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Welcome to Day 9 of the BWF Primer Build-up!
Hey gang, Nick-E here! You’re in the groove now so I won’t bore you with a long intro.
Today we’ll be doing:
– Some reading on what adaptations occur to what demands!
– Another workout!
Today’s Learning: Change the Demand, Change the Adaptation
So there’s a couple concepts we need to get sorted out today, and they all center around the SAID Principle.
We know that if you repeatedly do something over time, your body makes specific adaptations to make the demands that have been imposed upon it easier to handle.
How do those specific adaptations differ, based on the nature of the demand?
(Note: Today might get a little technical, but I’ve tried to keep it as simple as I can. If it’s still hard to understand, by all means, ask some clarifying questions in the comments!)
Within the realm of strength training and gym based (or home based. Teehee.) resistance exercise, one of the most significant ways we can alter the nature of the adaptations we get is by manipulating the rep ranges we train in.
One of the simplest ways that you often see this represented in information online, is in a table like this:
|Rep Range||Specific Adaptation|
|1-3 reps per set||Absolute strength (or power)|
|3-5 reps per set||Strength|
|5-8 reps per set||Strength and Hypertrophy (Muscle Growth)|
|8-12 reps per set||Hypertrophy (Muscle Growth)|
|12-15 reps per set||Hypertrophy (Muscle Growth) and Endurance|
|15+ reps per set||Endurance|
(Note: The number of reps in this table refers to a set of challenging reps. If you do a set of 3 squats instead of doing 20 squats even though can easily do 20 or even more, you won’t get stronger just because you only did 3 squats. On the other hand, if you did an exercise where it would be pretty dang tough to get 3 reps done, then that would stimulate a strength adaptation much moreso than if you did a tough set of 20 reps of an easier exercise.)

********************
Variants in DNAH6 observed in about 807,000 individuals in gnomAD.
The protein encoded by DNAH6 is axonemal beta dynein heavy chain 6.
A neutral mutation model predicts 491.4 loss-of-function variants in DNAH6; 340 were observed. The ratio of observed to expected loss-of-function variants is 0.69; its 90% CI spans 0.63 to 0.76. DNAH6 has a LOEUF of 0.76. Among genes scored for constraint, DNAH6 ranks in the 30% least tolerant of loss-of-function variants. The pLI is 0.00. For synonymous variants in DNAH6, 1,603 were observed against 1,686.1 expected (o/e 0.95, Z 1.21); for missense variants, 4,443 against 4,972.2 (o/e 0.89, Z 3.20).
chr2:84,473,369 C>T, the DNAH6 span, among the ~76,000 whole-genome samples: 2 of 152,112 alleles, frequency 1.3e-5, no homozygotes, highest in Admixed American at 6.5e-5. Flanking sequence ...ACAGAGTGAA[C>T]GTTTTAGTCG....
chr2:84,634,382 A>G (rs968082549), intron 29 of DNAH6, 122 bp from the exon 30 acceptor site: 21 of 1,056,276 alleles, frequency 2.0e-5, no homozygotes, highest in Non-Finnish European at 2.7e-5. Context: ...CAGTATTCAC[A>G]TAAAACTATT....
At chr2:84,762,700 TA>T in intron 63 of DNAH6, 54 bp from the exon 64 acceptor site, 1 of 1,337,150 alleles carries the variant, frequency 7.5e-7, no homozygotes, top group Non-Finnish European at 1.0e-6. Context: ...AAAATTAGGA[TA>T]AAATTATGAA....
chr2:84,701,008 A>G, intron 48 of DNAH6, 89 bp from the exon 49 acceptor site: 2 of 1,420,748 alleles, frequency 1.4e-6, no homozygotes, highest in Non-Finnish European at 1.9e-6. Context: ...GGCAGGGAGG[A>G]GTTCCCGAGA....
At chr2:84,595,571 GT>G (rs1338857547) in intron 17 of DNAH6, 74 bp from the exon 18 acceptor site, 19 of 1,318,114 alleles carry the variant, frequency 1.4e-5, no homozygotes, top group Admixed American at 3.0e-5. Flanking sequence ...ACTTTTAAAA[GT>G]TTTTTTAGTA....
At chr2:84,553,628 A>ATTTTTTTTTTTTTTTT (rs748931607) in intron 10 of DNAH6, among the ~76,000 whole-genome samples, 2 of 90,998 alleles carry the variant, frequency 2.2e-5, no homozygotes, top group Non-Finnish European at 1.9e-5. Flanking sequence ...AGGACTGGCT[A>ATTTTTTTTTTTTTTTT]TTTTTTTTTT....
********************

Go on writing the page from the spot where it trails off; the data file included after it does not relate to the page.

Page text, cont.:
Now that I’ve gotten you to read and understand that, I’m going to throw you a curveball and tell you that the neat divisions between rep ranges don’t really work exactly that way in real life. It’s a great way to begin to conceptualise the spectrum of adaptations you can get from resistance exercise, but the simpler an explanation gets the more it misses a great deal of nuance. This is important to bear in mind so you do not end up like the unfortunately misinformed people who limit themselves far too much with training in the following ways:
e.g. “I want big muscles so I’m only going to train between 8 and 12 reps for everything, no matter what!”
e.g. “I only want to be strong but don’t care about muscles or aesthetics, so I’m never going to do more than 5 reps, maybe 8 reps if I really have to!”
e.g. “I’m an endurance athlete and/or I like cycling and running, so I’m only going to train 15+ reps, because that’s what THE MIGHTY TABLE says is appropriate for me!!!”
The reality of the situation is:
- While certain rep ranges bias towards certain adaptations, all of the listed qualities are all developed to varying degree at most rep ranges (THIS IMAGE ILLUSTRATES THIS CONCEPT PERFECTLY) (THIS OTHER IMAGE DOES SO AS WELL).
- In most programs past the total beginner stages, regardless of your goals your progress will be better if you are utilising many different rep ranges between 1 and 20 reps in your program for different purposes and different exercises (The one caveat being: beginners will not benefit very much from training below 5 reps for reasons that would require more reading than I’m going to subject you to today).
This is very relevant for you folks who may be wondering about how this relates to the rep ranges included in the primer routine that you are currently doing:
– You have been, and will be doing exercises between 5 and 20 reps, depending on the exercise (and you will see the rep range is relevant to the exercise)